Participation as a human right is key to solving water problems in Tonga : a thesis submitted in partial fulfilment of the requirements for the degree of Master of Philosophy in Development Studies at Massey University,

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Massey University
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The aim of this study was to identity the equity issues that hinder the participation of the people in the management and the maintenance of the rural water systems in Tonga. Five villages in Tongatapu were selected for the study as well as the appropriate Tongan Government Departments and donors. Participatory observation and interviews were techniques used for collecting information from the participants. Published and unpublished materials on water and other related materials were referred to in this study as well. Despite the need for water supply systems in rural areas of Tonga and the increasing demands for water, it was found that many systems, which were delivered in a very top-down manner, were not working effectively. The major finding was that economic, social and political structures in Tonga impeded the participation of grassroots people in the management of water systems. Although modern technologies are being introduced to solve water problems in Tonga, their successes are partial. Previous studies that were carried out in Tonga in trying to find ways of solving water management problems in Tonga also have had partial successes. This study concludes that unless participation is considered a human right, water management problems in Tonga can not be solved.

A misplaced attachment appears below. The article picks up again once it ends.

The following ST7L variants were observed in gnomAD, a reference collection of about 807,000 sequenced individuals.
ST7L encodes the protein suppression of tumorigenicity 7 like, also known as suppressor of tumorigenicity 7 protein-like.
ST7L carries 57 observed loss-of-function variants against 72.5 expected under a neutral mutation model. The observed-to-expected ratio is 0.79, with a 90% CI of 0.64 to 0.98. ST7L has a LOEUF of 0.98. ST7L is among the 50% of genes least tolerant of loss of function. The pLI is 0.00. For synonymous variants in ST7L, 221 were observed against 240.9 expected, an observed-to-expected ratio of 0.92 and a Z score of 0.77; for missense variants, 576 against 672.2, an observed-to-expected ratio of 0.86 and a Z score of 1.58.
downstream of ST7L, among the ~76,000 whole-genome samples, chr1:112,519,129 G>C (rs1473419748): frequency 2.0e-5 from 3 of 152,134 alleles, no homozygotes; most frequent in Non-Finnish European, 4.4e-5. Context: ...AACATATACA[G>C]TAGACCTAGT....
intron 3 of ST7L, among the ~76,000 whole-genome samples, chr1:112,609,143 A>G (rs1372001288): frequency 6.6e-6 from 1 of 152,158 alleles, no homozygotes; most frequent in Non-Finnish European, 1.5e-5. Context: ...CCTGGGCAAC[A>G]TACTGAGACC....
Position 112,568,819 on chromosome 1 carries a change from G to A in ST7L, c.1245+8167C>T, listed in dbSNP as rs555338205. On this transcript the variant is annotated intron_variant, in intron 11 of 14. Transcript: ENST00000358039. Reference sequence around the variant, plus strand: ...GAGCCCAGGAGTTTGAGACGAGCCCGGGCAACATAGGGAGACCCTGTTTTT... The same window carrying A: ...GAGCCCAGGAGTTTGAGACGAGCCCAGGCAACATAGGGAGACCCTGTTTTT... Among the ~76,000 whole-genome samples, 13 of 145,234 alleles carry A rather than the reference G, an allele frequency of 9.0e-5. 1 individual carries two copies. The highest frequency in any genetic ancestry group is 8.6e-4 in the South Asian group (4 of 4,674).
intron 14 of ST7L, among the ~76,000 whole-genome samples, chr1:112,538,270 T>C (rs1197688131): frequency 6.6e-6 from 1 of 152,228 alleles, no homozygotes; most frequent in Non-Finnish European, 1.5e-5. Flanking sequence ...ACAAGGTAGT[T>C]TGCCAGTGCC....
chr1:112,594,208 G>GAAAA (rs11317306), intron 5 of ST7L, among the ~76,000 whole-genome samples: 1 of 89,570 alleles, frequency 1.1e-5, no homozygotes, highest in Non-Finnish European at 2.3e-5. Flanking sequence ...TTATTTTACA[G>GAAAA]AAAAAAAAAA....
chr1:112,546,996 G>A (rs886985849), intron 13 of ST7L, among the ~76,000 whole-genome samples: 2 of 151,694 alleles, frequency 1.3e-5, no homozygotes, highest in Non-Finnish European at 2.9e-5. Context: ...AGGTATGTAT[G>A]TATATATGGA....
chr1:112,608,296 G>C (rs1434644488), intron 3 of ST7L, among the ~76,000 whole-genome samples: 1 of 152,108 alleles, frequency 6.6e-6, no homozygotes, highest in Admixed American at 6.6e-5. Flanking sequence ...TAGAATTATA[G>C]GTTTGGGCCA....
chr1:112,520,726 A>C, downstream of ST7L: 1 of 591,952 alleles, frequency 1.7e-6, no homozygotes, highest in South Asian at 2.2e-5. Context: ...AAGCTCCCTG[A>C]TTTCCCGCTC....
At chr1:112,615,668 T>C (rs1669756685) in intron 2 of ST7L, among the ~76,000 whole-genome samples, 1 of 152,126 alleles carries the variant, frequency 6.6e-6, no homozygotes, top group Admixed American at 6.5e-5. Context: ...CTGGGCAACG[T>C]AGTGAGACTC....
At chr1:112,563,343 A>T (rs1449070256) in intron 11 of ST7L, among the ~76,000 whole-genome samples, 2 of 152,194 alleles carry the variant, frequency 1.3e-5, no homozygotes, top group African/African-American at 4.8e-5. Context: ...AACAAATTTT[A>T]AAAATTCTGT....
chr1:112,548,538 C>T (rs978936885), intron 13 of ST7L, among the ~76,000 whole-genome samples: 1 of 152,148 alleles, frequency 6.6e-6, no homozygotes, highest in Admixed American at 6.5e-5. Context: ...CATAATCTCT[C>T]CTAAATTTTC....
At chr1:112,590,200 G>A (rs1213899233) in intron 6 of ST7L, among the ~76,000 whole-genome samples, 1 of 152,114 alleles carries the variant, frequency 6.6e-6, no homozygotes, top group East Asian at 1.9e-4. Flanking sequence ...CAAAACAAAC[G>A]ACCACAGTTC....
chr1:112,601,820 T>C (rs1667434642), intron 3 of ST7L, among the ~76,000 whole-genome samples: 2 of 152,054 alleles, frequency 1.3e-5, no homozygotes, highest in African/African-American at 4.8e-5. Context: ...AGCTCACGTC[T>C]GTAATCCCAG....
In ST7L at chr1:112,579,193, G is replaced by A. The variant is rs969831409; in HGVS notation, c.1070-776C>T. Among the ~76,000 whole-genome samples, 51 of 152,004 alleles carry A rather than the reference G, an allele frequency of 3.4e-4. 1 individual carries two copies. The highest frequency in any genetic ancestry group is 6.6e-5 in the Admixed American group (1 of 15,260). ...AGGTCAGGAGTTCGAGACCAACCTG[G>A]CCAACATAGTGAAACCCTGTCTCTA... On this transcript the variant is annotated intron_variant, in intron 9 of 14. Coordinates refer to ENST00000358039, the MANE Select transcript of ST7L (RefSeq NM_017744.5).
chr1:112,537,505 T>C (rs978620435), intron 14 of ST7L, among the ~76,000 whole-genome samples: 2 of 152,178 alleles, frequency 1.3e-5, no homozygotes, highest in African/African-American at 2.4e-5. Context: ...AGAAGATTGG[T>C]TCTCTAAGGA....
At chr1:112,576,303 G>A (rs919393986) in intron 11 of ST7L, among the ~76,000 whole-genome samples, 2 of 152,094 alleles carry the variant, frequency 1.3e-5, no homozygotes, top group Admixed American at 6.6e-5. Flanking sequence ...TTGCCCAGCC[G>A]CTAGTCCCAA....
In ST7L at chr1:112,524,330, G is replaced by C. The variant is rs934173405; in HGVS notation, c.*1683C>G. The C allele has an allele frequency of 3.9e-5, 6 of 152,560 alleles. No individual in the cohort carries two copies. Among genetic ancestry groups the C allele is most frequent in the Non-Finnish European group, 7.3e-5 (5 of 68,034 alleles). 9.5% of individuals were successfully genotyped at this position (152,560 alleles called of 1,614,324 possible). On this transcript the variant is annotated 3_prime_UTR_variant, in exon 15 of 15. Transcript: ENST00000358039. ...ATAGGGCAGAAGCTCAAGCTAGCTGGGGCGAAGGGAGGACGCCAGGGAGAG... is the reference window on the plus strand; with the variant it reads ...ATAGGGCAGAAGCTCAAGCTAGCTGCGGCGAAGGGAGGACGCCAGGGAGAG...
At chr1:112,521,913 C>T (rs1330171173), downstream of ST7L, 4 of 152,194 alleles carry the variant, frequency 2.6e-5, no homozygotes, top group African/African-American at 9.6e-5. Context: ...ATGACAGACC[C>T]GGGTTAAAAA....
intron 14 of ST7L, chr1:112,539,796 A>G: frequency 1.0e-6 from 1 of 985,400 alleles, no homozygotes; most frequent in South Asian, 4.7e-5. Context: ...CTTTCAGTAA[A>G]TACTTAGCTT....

Tongatapu, Tonga, Rural water-supply, Tonga, Water resource development, Tonga, Water, Tonga